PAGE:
The more money a person gives, the more personal attention they should receive through their cultivation and solicitation. You only have so many opportunities to employ face-to-face solicitations, so make them count. Use them on your best prospects. You can be sure that, if you do not personalize your charity’s message to that prospect, some other organization will. Always follow-up a request with a different form of communication: a hand-written note after a meeting; a phone call after a letter.

Upgrading your annual fund donors also accomplishes the goal of identifying your best prospects for a capital or endowment campaign. Upgrading your annual fund donors from low-level to mid-level giving opens the way to moving them to high-level giving during a capital campaign. These attempts to upgrade your donors will also identify those contributors who are most willing to consider upgrading.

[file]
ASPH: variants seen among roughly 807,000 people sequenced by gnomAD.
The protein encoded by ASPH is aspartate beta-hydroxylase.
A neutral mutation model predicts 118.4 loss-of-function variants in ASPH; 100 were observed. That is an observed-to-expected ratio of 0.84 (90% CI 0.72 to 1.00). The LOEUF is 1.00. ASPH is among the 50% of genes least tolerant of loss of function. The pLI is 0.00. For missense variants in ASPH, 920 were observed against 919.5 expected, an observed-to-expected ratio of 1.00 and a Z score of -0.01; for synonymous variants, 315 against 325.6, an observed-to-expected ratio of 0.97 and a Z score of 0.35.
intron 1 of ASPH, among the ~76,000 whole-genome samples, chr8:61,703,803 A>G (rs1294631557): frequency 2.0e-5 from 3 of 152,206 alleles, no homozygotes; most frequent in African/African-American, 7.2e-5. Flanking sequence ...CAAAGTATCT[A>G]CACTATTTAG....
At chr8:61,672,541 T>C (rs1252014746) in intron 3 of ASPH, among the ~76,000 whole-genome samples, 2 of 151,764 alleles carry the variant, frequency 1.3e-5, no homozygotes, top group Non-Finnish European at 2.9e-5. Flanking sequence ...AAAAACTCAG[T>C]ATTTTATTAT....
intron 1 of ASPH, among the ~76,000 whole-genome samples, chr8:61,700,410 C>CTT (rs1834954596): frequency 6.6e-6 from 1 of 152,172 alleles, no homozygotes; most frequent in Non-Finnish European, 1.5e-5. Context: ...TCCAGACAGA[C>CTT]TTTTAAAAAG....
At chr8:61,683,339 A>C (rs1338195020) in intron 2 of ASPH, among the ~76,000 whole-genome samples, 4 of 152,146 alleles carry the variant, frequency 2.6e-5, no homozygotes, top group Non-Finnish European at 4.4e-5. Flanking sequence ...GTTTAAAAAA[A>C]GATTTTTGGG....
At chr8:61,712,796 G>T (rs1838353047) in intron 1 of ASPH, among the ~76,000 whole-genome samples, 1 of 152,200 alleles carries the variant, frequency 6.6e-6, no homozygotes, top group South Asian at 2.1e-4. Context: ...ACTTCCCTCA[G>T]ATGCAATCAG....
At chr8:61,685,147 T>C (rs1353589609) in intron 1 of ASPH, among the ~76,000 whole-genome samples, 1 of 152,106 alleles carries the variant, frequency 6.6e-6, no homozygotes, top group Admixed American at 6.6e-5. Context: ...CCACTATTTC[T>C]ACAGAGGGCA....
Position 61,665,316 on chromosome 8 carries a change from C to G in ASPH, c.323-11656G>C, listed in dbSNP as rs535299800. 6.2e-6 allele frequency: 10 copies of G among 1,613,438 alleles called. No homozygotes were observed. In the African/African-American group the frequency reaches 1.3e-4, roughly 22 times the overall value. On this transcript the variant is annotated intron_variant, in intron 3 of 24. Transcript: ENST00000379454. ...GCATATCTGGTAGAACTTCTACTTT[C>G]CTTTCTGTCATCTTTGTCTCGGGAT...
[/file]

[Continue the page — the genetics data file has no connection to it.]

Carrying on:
A good prospect for a capital campaign might be asked to contribute many times their annual giving in a capital campaign pledge. The total amount your organization might raise from a capital campaign can be expressed as a mathematical function of your annual giving. A well-directed capital campaign can be expected to raise between three and five times your total annual giving. If this is a meager sum, insufficient to accomplish crucial goals, then some effort toward upgrading your annual fund may be a necessary and worthwhile first step.

A brief note here about the classification of capital campaigns. A true capital or endowment campaign is an effort that becomes the primary institutional priority of your organization. This definition excludes certain appeals often grouped with capital campaigns. In my opinion, “blitz campaigns,” “board campaigns,” and “emergency appeals” are more correctly classified as extensions of your annual giving program than capital campaigns. These “campaigns” can be very useful tools for upgrading donors and increasing awareness of your group’s focus, but they do not approach the all-out effort of a successful capital or endowment campaign.